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Power/Performance Bits: July 10

Wearable heart monitoring; cheaper graphene; photovoltaic nanotubes.

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Wearable heart monitoring
Researchers at the University of Texas at Austin developed a lightweight, stretchy heart monitoring patch that can be worn externally. Along with being easy to wear, the graphene-based ‘e-tattoo’ is more accurate than existing electrocardiograph machines, according to the team.

The e-tattoo measures cardiac health using both electrocardiograph and seismocardiograph readings simultaneously. Electrocardiography (ECG) records the rates of electrical activity produced each time the heart beats, while seismocardiography (SCG) is a measurement technique using chest vibrations associated with heartbeats.

The team noted that ECG readings alone are not accurate enough for determining heart health, but they provide additional information when combined with SCG signal recordings. Like a form of quality control, the SCG indicates the accuracy of the ECG readings.

“We can get much greater insight into heart health by the synchronous collection of data from both sources,” said Nanshu Lu, an associate professor in the departments of Aerospace Engineering and Engineering Mechanics and Biomedical Engineering at UT Austin.


The stretchable e-tattoo for heart monitoring. (Source: Cockrell School of Engineering, The University of Texas at Austin)

While flexible ECG patches have been developed, previous SCG sensors were made from rigid materials.

The e-tattoo is made of a piezoelectric polymer called polyvinylidene fluoride, which is capable of generating its own electric charge in response to mechanical stress. The device also includes 3D digital image correlation technology that is used to map chest vibrations in order to identify the best location on the chest to place the e-tattoo.

The stretchy and light nature of the patch allows it to be placed over the heart for extended periods with little or no discomfort, and it can provide days of constant heart monitoring. The researchers are working on improvements to data collection and storage for the device, as well as ways to power the e-tattoo wirelessly for longer periods. They are also developed a smartphone app to store and show data.

Cheaper graphene
Researchers from RMIT University and National Institute of Technology Warangal propose a much cheaper and more sustainable way to produce graphene: eucalyptus bark.

The new method could reduce the cost of production from $USD100 per gram to just $USD0.5 per gram, said Suresh Bhargava, a Distinguished Professor at RMIT. “Eucalyptus bark extract has never been used to synthesize graphene sheets before and we are thrilled to find that it not only works, it’s in fact a superior method, both in terms of safety and overall cost.”

The strong, flexible, highly conductive material shows promise for a range of applications including bio-sensors, solar panels, and flexible electronics. Typically, graphene oxide is synthesized into graphene using a chemical reduction method that uses reducing agents harmful to both humans and the environment.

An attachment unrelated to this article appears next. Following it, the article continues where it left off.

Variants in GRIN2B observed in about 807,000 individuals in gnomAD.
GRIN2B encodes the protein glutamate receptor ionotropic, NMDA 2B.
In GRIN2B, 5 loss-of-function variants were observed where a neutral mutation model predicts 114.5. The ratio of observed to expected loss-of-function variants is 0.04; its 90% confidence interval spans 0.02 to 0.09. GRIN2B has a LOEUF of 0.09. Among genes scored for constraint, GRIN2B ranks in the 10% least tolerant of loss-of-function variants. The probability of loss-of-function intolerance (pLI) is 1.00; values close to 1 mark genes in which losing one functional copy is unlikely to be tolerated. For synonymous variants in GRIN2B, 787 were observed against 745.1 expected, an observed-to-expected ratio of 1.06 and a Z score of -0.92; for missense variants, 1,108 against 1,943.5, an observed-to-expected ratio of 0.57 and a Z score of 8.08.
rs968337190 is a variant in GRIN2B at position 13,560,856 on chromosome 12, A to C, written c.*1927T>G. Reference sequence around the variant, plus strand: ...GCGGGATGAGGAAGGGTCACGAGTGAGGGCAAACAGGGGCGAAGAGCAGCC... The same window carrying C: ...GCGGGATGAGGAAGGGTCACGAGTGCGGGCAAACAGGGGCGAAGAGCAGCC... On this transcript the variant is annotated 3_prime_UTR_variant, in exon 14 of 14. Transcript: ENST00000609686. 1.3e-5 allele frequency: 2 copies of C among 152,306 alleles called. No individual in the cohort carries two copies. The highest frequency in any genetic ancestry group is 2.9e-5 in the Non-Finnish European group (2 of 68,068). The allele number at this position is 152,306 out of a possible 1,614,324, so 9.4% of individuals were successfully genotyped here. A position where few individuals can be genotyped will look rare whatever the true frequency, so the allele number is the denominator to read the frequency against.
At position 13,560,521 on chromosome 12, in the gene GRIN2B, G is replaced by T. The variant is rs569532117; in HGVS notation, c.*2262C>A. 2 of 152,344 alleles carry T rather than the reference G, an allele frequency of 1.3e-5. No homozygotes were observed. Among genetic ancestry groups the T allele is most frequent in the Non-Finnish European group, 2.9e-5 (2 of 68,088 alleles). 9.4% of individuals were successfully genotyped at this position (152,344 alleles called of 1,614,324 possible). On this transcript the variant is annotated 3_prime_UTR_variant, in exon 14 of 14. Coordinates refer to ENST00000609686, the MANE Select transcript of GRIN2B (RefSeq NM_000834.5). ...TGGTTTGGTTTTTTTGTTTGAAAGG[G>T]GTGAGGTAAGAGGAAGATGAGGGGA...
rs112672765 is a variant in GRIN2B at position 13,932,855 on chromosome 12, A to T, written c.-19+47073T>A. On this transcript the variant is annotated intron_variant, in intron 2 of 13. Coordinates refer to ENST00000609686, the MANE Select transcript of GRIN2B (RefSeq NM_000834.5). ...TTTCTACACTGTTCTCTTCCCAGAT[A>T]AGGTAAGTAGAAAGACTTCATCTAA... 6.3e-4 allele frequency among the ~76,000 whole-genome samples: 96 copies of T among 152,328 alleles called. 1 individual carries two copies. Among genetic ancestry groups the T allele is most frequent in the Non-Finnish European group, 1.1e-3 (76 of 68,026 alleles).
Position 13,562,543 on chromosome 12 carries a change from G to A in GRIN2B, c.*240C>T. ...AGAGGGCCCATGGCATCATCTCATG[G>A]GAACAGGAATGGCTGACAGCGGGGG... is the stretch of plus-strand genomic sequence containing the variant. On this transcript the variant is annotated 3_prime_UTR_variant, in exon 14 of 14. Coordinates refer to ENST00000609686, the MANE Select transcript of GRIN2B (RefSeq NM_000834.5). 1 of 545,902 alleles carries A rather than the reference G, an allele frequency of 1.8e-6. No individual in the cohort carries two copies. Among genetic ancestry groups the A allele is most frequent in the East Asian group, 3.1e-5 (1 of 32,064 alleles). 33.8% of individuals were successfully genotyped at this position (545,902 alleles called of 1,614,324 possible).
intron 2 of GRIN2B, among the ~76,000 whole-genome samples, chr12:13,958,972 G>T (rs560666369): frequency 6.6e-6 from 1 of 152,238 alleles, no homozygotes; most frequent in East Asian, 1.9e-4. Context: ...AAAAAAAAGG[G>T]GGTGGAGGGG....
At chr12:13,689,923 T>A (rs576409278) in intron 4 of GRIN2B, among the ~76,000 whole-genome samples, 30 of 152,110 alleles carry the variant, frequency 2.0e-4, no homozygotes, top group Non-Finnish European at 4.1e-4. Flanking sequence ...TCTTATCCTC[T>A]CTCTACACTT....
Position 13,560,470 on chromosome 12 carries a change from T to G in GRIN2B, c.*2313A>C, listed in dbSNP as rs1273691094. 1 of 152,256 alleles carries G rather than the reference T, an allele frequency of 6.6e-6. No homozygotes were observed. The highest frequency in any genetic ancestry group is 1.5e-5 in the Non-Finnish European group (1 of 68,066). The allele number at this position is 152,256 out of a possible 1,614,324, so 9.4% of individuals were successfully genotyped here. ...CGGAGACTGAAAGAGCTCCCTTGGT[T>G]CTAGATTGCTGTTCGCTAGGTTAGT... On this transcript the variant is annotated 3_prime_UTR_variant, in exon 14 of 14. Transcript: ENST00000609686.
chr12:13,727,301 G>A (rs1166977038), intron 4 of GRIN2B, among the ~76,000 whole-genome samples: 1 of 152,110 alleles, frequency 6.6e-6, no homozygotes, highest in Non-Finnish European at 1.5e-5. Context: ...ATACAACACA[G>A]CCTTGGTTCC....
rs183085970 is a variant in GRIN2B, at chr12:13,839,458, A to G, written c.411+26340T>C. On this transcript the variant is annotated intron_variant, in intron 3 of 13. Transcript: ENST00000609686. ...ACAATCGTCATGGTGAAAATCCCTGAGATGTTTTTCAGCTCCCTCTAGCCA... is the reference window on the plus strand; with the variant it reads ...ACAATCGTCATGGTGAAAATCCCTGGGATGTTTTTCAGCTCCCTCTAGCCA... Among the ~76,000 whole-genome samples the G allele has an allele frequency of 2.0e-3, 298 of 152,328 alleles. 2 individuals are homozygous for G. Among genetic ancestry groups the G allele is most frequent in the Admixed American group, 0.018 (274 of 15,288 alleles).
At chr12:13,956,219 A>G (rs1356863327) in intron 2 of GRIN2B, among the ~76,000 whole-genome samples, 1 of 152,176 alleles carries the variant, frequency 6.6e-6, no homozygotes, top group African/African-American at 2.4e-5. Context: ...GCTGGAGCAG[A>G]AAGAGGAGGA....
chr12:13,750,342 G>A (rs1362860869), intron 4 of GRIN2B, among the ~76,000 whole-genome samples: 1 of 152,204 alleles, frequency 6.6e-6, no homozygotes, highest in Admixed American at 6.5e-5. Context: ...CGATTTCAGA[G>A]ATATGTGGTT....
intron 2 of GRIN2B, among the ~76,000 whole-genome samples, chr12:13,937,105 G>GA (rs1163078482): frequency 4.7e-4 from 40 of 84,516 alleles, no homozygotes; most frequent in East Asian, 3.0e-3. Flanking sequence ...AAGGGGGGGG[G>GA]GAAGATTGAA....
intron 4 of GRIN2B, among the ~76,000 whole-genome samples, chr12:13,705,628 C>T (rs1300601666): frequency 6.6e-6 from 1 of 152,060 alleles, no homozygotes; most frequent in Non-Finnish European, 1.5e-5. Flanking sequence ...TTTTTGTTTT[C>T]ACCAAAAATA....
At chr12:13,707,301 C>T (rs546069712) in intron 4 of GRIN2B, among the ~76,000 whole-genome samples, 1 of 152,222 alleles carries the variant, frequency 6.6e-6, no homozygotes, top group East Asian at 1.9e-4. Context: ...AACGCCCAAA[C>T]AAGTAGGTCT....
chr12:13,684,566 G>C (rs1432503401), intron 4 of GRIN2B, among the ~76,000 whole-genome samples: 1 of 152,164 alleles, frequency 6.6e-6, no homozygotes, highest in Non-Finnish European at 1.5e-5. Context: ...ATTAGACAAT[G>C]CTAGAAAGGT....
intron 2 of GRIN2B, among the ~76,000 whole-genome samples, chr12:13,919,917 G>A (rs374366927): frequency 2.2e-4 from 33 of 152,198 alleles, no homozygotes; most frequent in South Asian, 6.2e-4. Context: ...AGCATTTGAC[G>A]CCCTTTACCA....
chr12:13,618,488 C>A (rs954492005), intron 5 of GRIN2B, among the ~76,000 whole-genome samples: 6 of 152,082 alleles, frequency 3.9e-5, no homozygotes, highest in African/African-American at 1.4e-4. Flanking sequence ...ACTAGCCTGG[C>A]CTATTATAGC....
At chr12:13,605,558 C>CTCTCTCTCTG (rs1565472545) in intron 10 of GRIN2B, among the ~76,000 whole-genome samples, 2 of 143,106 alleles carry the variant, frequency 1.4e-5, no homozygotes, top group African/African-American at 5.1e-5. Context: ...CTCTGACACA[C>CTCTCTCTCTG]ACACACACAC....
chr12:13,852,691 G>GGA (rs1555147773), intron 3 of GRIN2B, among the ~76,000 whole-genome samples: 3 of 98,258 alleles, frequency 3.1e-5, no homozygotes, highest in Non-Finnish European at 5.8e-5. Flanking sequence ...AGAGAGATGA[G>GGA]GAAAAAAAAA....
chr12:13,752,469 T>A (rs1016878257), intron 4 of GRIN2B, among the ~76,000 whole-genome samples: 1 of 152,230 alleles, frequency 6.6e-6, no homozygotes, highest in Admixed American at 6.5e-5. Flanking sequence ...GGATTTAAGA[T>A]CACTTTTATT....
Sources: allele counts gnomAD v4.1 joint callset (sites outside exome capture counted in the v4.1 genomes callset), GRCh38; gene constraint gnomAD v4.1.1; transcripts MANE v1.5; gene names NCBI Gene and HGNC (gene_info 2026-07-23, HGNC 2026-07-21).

Instead, the researchers turned to a Eucalyptus polyphenol solution, obtained from an extract of ground Eucalyptus bark. The polyphenol compounds were capable of reducing exfoliated graphene oxide to soluble graphene under reflux conditions in an aqueous medium.

The team tested the graphene produced by this method as a supercapacitor and found it matched the quality and performance characteristics of traditionally-produced graphene without the toxic reagents. Along with being a much cheaper process given the abundance of eucalyptus trees in Australia, the researchers note that not using hazardous reagents means the graphene produced could potentially be used for biocompatible applications.

Photovoltaic nanotubes
Researchers at the University of Tokyo, Max Planck Institute for Solid State Research, HIT-Holon Institute of Technology, and Weizmann Institute of Science developed a new form of photovoltaic material that behaves much differently than standard photovoltaics.

The material uses nanotubes made up of rolled-up sheets of tungsten disulfide (WS2). The sheets do not induce a current in the presence of light unless rolled into tubes. This is an emergent behavior, one not intrinsic to the material until it’s modified.

Unlike most photovoltaics, the WS2 nanotubes do not rely on a p-n junction to generate current. Instead, when exposed to light, they generate a current throughout their entire structure or bulk. Called the bulk photovoltaic effect (BPVE), it’s thanks to the asymmetry of WS2 nanotubes, which allows the current to flow. Other symmetrical nanotubes, such as carbon nanotubes, don’t exhibit BPVE despite being great electrical conductors.

The team says size constraints on the device mean that the most promising applications are high-fidelity optical sensors and infrared imaging chips.

“Our research shows an entire order of magnitude improvement in efficiency of BPVE compared to its presence in other materials,” said Yoshihiro Iwasa, a professor at University of Tokyo. “But despite this huge gain, our WS2 nanotube cannot yet compare to the generating potential of p-n junction materials. This is because the device is nanoscopic and will be difficult to make larger. But it is possible and I hope chemists are inspired to take on that challenge.”



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